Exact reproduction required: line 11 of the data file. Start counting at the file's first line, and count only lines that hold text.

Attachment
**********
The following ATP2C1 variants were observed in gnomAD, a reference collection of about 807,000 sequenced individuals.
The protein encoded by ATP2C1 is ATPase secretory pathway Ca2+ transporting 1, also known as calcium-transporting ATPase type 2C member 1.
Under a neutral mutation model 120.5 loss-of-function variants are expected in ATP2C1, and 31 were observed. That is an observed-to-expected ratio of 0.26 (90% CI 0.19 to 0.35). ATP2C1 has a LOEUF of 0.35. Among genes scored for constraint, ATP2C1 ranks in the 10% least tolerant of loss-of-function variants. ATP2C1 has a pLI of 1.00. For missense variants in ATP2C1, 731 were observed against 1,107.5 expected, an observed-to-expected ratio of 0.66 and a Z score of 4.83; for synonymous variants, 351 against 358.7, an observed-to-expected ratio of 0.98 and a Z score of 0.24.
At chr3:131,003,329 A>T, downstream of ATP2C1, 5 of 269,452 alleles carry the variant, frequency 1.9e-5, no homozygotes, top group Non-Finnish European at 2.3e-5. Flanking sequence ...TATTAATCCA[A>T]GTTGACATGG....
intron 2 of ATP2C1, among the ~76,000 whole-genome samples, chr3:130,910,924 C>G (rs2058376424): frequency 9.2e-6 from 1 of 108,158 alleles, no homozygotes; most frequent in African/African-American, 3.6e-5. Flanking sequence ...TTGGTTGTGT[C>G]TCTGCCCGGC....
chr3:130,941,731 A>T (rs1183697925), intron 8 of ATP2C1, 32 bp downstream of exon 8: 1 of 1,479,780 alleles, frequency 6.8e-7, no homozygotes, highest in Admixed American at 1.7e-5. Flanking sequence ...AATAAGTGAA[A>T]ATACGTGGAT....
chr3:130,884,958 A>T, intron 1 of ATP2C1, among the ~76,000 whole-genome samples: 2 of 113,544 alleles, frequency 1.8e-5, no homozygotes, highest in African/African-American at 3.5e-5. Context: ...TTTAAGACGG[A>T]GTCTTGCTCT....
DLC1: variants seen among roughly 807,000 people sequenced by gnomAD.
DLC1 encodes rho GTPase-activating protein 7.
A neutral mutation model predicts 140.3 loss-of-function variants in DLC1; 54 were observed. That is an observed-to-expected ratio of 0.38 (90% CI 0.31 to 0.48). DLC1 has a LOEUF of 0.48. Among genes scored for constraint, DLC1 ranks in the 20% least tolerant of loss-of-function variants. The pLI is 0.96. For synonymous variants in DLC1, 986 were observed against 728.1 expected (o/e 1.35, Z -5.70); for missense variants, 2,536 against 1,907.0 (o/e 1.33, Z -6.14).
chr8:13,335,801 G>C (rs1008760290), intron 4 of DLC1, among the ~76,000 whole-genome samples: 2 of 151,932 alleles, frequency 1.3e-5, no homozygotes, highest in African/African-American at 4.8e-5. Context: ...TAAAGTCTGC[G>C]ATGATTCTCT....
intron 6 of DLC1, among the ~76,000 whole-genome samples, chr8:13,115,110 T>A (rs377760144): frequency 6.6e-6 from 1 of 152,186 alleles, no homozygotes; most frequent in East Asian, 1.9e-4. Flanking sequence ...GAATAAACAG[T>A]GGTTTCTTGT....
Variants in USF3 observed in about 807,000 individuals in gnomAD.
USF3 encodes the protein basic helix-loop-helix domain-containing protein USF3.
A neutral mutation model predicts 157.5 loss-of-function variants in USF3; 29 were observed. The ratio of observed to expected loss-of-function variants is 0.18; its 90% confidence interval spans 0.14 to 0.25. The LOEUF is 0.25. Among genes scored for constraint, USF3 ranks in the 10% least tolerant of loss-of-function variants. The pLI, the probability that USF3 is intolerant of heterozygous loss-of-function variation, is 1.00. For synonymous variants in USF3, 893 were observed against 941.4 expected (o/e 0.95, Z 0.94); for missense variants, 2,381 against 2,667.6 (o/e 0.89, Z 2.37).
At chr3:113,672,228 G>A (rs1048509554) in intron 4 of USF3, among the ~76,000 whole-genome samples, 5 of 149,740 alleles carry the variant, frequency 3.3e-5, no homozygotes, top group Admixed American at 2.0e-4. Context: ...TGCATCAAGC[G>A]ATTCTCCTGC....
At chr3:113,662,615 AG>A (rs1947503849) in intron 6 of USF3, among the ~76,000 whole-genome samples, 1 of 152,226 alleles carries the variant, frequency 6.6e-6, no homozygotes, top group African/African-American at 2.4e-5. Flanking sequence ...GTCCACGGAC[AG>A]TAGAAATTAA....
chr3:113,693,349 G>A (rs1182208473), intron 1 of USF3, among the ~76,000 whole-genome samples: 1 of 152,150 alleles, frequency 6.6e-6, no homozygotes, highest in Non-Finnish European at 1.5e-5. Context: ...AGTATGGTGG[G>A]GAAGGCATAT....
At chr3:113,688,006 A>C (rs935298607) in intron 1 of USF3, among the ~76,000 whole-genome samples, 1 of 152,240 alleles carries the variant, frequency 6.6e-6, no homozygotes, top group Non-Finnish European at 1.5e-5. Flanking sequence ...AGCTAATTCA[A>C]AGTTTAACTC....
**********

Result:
chr8:13,335,801 G>C (rs1008760290), intron 4 of DLC1, among the ~76,000 whole-genome samples: 2 of 151,932 alleles, frequency 1.3e-5, no homozygotes, highest in African/African-American at 4.8e-5. Context: ...TAAAGTCTGC[G>C]ATGATTCTCT....